Regarding George Reed’s Nov. 7 column, the drug war is largely a war on marijuana smokers. In 2010, there were 853,839 marijuana arrests in the U.S., almost 90 percent for simple possession. At a time when state and local governments are laying off police, firefighters and teachers, this country continues to spend enormous public resources criminalizing Americans who prefer marijuana to martinis. The end result of this ongoing culture war is not lower rates of use.
The U.S. has higher rates of marijuana use than the Netherlands, where marijuana is legally available. Decriminalization is a long overdue step in the right direction. Taxing and regulating marijuana would render the drug war obsolete. As long as organized crime controls distribution, marijuana consumers will come into contact with sellers of hard drugs like methamphetamine, cocaine and heroin. This “gateway” is a direct result of marijuana prohibition.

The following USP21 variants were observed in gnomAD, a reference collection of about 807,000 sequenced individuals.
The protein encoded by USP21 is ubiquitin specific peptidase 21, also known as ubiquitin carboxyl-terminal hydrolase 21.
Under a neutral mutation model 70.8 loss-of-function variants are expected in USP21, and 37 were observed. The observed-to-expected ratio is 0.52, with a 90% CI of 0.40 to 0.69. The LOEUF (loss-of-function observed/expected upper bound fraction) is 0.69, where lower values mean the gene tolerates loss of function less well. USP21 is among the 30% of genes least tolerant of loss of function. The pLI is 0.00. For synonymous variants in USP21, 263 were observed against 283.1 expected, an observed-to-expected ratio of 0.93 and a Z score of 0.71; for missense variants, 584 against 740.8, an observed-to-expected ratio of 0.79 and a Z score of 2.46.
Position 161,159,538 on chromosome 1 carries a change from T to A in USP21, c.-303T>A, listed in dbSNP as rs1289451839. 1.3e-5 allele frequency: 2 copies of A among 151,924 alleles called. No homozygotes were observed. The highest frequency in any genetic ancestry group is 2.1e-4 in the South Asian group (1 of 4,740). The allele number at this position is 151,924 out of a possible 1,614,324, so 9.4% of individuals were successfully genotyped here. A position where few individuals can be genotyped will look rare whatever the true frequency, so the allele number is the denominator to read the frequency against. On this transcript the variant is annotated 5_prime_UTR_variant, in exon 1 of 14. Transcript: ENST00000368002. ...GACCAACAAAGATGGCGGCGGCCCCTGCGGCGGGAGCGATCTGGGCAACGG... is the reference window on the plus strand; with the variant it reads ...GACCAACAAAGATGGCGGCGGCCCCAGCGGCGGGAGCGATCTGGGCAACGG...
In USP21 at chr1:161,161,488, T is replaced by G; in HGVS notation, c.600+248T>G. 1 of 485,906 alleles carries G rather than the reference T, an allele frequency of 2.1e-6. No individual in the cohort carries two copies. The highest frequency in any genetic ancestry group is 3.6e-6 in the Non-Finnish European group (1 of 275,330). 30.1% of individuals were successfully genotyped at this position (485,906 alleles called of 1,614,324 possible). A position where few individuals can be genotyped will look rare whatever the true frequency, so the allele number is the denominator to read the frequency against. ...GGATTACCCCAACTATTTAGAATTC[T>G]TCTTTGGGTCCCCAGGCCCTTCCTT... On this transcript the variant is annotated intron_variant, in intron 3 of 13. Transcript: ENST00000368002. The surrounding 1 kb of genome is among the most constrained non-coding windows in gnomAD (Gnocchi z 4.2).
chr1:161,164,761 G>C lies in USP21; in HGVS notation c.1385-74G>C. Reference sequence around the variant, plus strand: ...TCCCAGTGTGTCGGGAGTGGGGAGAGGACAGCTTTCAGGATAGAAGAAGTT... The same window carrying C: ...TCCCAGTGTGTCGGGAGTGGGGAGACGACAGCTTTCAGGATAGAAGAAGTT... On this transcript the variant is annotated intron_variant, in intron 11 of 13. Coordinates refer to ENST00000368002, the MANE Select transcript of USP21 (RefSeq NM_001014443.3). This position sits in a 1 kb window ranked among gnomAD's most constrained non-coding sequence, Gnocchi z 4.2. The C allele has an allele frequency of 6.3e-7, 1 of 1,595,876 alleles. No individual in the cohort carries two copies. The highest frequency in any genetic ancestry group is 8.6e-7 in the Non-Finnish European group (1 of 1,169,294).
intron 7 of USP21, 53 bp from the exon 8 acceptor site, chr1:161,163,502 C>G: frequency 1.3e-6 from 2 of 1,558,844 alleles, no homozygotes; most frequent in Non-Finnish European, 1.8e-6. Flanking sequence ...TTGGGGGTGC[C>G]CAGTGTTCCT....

Check out the July 2008 World Health Organization survey study on drug use rates at plosmedicine.org/article/info:doi/10.1371/journal.pmed.0050141.
For United Nations drug stats, visit unodc.org/.
For a comparative analysis of U.S. vs. Dutch rates of drug use, visit drugwarfacts.org/cms/Netherlands_v_US.
For marijuana arrest stats, visit drugwarfacts.org/cms/Marijuana#Total.
Robert Sharpe, Common Sense for Drug Policy, Washington, D.C.